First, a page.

DRAWINGS TO COMMUNICATE DESIGN


Engineering technicians and craftsmen must be able to communicate ideas and facts clearly without ambiguity. For them verbal communication is very important, but often, hopelessly inadequate. Similarly , written communication can be very insufficient. A simple item may require pages and pages of description to enable someone else to gain an impression of its shape and size. Even then there is the danger of the description being boring. to overcome these difficulties a very efficient form of graphical communication has been developed. This graphical communication is called Engineering Drawing. Because engineering is concerned with processing materials and manufacturing components for a consumer world, engineering drawing is a means of organising and presenting precise technical direction for items to be made for the consumer. Each stage in the manufacturing process must be economist to arrive at a keen selling price. Almost the first stage in such a process is to communicate instructions for manufacture; the instruction to make so big, so long, so wide etc.. The usual and most effective way to do this is to produce engineering drawings. All technicians and craftsmen rely on their own ability to interpret and construct sketches and drawings. Without the skill to read drawings a technician or craftsmen may have great difficulty in finding employment. The added skill of being able to make reliable engineering sketches and drawings can be often increase employment opportunities.

Identifying The Drafting Team


The Designer. This is where a new component or product starts. The designer is given a requirement and instructed to design a solution. he starts by sketching and he may pass some of his sketches on to other technicians to research and develop his solution. Having arrived at a satisfactory solution, the designer may modify his original sketches or produce more accurate drawings known as design layouts. These are then passed over to a draughts man to draw out is great detail.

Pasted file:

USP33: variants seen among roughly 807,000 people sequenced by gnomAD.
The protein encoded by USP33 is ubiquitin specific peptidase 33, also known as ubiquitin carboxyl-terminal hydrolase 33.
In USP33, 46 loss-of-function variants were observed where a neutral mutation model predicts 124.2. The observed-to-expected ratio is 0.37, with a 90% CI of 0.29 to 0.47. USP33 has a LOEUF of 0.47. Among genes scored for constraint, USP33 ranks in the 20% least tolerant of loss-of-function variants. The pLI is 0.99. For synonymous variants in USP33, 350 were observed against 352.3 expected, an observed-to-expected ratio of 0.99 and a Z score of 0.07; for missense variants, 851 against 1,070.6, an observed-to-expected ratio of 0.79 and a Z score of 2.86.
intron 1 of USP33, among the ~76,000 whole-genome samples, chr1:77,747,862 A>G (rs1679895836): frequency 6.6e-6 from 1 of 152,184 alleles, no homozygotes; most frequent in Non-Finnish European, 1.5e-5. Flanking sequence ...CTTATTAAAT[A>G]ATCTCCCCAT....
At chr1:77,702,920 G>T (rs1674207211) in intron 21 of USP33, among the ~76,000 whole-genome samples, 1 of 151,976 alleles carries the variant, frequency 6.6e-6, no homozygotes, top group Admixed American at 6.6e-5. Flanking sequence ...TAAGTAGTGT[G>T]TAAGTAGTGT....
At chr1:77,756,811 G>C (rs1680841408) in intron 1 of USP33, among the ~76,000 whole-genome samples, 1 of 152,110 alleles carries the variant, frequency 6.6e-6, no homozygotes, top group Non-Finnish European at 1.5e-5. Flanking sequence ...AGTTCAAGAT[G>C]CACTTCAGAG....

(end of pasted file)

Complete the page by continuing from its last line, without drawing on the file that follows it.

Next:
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The Draughtsman. The draughtsman is the key communicator. It is his responsibility to work from the designer's sketches or layouts and make detailed working drawings; drawings from which items can be manufacturing. The Tracer. The tracer traces the original drawing to reproduce it on a more permanent and durable material, or traces it to improve its presentation or quality of communication. Checker. Once drawings are made or traced, it is very necessary to check them. This procedure can avoid very costly mistakes. It is the responsibility of the checker to check, verify and inspect everything that a draughtsman may put on drawing. The checker is responsible for the accuracy of the drawing. Drawing Office Assistants and Print-Room Personal. Depending on the size of the company, this type of person can be expected to provide a variety of important services for the draughtsman. Duties such as specialist storage and indexing of drawings, repair of drawings, minor modification and perhaps the most important service of all, copying and reproducing copies of drawings. There are many different reprographic printing processes in use in drawing offices. Some of the most modern ones require highly trained operatives who are skilled in photographic techniques and microfilming procedures. These are the personnel who complete the process of making engineering drawings; they provide the vehicle of communication and ensure that it runs smoothly.